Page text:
By Jim Thomas
ST. LOUIS POST-DISPATCH
08/27/2006

Rams coach Scott Linehan shows the intensity of a man watcing his team play for the first time, even it it was only an exhibition game.
(By Chris Lee/P-D)

Veteran defensive tackle La'Roi Glover once worked for old-schoolers Mike Ditka and Bill Parcells.

"Parcells' camps were tough, but the weather wasn't as hot," Glover said. "Ditka's camps were hot and tough."

How does Camp Linehan compare?

"This is one of the more physical camps that I've been part of," said Glover, entering his 11th NFL season. "We've basically been in shoulder pads and shorts, or full pads, every single day. It's been a grind. It's been tough. It's been physical."

But it's been necessary.

"You're going to be sore," Glover continued. "You're going to be fatigued. You're going to have headaches. You're going to be beat up. But you have to adapt to it.

"I think one of the coaches used to have a saying for that: battle-hardened. You've got to have yourself and your team battle-hardened. So when something happens in the game, you've seen it before 100 times in practice, so you're not surprised by it."

And when you're sore, fatigued, and beat up in the fourth quarter of a close game, you'll have been through that before.

If there's one thing Scott Linehan wanted to get out of his first training camp with the Rams -- his first training camp as a head coach -- that's it. He wanted a tougher, more physical Rams team.

"I think we've hardened ourselves and toughened ourselves to be game ready -- both physically and mentally," Linehan said. "We've got a lot of conditioning in. I thought we were in great shape to start camp, but we conditioned during this camp while we practiced. And I think our players embraced that."

Actually, "embraced" might be a strong word. But even those Rams around long enough to have endured Dick Vermeil's brutal training camps of the late '90s realize that Camp Linehan was a necessary evil.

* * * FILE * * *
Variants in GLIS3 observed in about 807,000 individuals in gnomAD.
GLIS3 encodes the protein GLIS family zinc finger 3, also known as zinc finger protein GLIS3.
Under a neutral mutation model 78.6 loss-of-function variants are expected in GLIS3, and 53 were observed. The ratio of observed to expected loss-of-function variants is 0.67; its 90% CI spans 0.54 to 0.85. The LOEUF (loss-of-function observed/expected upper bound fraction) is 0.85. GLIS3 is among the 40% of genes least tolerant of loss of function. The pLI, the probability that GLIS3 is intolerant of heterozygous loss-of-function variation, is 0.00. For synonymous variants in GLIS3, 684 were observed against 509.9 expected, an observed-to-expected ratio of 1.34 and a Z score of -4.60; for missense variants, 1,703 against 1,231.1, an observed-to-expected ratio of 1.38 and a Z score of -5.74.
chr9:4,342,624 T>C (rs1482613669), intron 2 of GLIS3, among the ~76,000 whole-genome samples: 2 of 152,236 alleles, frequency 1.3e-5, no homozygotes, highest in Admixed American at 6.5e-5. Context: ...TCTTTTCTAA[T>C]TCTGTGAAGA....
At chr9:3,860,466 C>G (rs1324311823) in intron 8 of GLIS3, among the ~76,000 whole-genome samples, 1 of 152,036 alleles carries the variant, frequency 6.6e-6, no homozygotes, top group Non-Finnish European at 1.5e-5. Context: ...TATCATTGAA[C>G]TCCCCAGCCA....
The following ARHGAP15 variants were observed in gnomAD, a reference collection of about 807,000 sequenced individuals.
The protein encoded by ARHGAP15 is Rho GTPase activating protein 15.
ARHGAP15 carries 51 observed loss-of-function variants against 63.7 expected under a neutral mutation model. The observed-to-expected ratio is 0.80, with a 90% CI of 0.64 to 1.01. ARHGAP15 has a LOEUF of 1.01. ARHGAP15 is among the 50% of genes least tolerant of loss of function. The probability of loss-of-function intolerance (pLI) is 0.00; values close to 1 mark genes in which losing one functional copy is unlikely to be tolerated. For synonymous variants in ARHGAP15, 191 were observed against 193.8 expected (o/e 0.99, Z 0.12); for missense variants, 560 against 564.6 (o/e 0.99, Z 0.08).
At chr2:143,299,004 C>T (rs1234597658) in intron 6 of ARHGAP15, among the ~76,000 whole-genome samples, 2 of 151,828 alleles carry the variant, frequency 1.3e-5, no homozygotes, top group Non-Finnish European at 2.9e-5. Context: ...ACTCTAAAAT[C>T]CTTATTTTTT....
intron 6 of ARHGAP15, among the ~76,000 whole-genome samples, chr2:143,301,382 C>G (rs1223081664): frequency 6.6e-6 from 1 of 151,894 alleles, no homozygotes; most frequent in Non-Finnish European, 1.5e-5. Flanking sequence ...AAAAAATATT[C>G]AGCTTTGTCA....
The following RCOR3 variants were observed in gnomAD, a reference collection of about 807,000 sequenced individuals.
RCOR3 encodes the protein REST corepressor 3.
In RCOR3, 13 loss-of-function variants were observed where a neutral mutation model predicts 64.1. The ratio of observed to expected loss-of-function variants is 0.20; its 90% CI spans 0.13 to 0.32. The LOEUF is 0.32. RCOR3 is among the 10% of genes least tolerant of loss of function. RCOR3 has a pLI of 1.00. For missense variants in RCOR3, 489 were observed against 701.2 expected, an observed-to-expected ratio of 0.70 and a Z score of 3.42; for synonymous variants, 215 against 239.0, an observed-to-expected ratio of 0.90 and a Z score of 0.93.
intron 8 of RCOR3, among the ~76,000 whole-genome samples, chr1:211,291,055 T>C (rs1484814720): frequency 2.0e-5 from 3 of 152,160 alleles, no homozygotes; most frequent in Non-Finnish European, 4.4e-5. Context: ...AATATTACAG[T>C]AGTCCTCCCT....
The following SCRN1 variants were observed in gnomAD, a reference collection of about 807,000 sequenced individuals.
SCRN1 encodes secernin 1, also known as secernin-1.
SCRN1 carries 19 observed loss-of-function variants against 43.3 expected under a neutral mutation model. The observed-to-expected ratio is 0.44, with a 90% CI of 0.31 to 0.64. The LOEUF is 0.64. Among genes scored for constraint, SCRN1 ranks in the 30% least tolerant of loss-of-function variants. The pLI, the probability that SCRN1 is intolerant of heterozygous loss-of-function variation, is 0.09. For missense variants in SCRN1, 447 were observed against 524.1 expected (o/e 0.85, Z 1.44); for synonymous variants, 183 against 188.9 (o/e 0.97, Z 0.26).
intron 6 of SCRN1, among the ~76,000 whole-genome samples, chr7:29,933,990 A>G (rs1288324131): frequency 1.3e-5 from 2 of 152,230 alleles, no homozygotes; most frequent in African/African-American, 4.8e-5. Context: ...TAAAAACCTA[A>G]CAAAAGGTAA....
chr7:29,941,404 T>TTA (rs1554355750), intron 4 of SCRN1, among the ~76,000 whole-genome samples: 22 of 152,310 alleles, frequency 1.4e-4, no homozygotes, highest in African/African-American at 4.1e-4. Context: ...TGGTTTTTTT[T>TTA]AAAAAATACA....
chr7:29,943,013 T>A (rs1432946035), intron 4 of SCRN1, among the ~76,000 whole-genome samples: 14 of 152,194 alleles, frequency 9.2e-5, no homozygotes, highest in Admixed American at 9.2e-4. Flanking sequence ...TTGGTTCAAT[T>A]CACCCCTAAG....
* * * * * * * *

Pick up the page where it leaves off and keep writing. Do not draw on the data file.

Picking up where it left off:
"It was tough, but we needed it," defensive end Leonard Little said. "Last year we weren't in pads as much. But we lacked a little bit of toughness. ... We were probably dead last against the run last year as a defense."

For the record, the Rams ranked 28th, or just four spots removed from dead last. Linehan is doing everything in his power to make sure that doesn't happen again.

Similarly unacceptable is the Rams' ranking as 22nd in rushing offense a year ago. In four seasons as an NFL offensive coordinator in Minnesota, and then Miami, Linehan never had a team finish lower than 18th in rushing offense. His 2002 Vikings led the league in rushing; his '03 Vikings ranked fourth.

So the Rams will run the ball better. And they will defend the run better. They will tackle. They will take care of the football. They will get lined up right. They will avoid silly penalties. They will play smart, disciplined, aggressive football. Or else.

Or else what?

Well, Linehan gets on players -- veterans and rookies alike. But not nearly to the extent of his predecessor, Mike Martz. (For one, Linehan doesn't know nearly as many cuss words.)

But Linehan has his methods.

"Sometimes you've just got to remind yourself that if you don't pay attention to the little things, big things can happen," Linehan said.

A frequent Linehan "reminder" comes in the form of sprints after practice. Dropped passes, botched snap counts and misalignments -- really, the whole gamut of what might be termed unforced errors -- clearly irritate Linehan. The fourth head coach in the history of the "St. Louis" Rams constantly harps on the importance of these little things.

"He's very detail-oriented," wide receiver Dane Looker said. "That's one thing I've definitely noticed about him. We've gone over all kinds of different situations that could come up in a game -- that may come up once every few years. We've covered every detail in our night meetings.

"He'll call out a player and say, 'Now tell me about if this situation happens.' It'll be a situation that probably won't even happen in a year. But you've got to be ready and prepared for every situation. And he's really good about that."

Looker has a unique perspective on Linehan among Rams players, because he was at the University of Washington for two seasons (1997 and '98) when Linehan was Huskies offensive coordinator.